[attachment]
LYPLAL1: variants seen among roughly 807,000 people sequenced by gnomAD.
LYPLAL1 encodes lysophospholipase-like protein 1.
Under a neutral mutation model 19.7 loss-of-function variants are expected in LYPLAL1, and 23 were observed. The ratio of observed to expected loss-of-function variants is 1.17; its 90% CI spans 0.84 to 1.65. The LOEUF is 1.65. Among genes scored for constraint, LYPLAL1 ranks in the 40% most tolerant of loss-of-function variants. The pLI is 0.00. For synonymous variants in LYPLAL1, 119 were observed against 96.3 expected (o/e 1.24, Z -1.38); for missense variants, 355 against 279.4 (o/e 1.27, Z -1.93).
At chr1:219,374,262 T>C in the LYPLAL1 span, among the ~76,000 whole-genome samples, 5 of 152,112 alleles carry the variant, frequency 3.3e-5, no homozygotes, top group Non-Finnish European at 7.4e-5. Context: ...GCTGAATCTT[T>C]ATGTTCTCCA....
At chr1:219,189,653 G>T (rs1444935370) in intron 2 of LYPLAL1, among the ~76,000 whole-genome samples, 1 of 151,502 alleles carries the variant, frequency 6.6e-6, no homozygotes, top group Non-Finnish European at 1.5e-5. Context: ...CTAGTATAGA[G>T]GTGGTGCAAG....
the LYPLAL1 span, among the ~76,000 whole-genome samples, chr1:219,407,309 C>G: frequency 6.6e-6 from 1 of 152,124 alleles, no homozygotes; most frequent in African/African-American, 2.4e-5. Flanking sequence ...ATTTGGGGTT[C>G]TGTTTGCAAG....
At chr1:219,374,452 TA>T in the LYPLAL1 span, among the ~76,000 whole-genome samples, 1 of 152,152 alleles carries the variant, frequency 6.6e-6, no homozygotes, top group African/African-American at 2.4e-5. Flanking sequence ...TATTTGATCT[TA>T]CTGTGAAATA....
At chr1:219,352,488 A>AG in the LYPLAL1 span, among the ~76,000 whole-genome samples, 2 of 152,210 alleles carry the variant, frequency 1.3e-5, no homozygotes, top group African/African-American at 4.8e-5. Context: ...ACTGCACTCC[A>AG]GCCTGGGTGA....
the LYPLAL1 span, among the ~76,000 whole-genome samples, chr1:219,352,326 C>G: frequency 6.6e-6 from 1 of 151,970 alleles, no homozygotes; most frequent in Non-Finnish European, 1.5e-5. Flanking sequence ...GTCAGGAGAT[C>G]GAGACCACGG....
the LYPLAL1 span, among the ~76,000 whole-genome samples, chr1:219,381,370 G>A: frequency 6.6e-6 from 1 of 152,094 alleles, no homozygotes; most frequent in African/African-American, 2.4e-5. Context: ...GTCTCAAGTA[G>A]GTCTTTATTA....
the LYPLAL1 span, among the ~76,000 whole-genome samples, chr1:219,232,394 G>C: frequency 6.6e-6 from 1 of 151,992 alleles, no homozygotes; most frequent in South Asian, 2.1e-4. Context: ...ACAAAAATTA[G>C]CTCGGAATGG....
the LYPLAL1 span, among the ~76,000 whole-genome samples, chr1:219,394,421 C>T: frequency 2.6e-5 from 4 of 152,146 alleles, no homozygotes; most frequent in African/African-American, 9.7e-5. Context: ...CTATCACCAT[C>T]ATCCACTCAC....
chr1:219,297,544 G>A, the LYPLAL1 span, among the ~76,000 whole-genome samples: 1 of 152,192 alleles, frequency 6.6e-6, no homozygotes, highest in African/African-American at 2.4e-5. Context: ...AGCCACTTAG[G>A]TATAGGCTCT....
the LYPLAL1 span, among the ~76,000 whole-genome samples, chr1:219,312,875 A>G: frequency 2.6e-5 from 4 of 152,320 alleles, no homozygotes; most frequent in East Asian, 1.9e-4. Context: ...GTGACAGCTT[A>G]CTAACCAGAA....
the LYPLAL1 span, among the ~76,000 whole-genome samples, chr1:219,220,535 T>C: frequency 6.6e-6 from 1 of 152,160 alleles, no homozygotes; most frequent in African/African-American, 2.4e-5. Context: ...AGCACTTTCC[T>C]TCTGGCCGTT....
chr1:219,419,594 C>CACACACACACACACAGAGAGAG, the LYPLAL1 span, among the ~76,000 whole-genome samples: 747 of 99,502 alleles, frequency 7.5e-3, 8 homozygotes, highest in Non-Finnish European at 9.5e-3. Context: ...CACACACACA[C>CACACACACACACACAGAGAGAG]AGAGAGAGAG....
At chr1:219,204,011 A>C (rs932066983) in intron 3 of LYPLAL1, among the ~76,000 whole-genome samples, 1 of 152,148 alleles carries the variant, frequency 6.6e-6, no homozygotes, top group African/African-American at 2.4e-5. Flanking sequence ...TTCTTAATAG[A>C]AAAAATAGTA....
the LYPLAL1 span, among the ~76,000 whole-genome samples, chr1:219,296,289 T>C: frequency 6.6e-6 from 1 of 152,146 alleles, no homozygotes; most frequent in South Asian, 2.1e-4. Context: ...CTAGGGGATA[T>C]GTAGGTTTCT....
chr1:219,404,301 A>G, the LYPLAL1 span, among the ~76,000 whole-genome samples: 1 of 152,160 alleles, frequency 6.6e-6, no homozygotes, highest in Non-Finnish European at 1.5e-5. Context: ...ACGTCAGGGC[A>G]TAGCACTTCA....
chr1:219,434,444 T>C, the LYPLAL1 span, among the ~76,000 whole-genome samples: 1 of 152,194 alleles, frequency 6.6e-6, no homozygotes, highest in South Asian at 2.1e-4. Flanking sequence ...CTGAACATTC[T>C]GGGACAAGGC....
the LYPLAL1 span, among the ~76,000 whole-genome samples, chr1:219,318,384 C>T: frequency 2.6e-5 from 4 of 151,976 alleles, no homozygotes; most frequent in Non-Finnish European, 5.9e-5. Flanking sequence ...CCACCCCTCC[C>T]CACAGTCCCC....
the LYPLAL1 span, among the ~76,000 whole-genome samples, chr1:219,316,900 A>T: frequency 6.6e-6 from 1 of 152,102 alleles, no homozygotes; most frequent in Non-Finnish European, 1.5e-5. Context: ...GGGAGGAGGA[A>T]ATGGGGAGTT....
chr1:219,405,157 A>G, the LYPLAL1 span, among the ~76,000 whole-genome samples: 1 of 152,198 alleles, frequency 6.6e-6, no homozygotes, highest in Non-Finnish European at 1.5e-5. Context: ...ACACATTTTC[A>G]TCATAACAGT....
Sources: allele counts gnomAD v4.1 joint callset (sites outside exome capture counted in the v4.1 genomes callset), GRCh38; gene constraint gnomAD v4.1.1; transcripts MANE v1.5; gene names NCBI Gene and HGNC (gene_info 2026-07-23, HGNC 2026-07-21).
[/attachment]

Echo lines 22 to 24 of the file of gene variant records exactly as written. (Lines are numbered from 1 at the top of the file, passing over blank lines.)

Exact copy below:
the LYPLAL1 span, among the ~76,000 whole-genome samples, chr1:219,316,900 A>T: frequency 6.6e-6 from 1 of 152,102 alleles, no homozygotes; most frequent in Non-Finnish European, 1.5e-5. Context: ...GGGAGGAGGA[A>T]ATGGGGAGTT....
chr1:219,405,157 A>G, the LYPLAL1 span, among the ~76,000 whole-genome samples: 1 of 152,198 alleles, frequency 6.6e-6, no homozygotes, highest in Non-Finnish European at 1.5e-5. Context: ...ACACATTTTC[A>G]TCATAACAGT....
Sources: allele counts gnomAD v4.1 joint callset (sites outside exome capture counted in the v4.1 genomes callset), GRCh38; gene constraint gnomAD v4.1.1; transcripts MANE v1.5; gene names NCBI Gene and HGNC (gene_info 2026-07-23, HGNC 2026-07-21).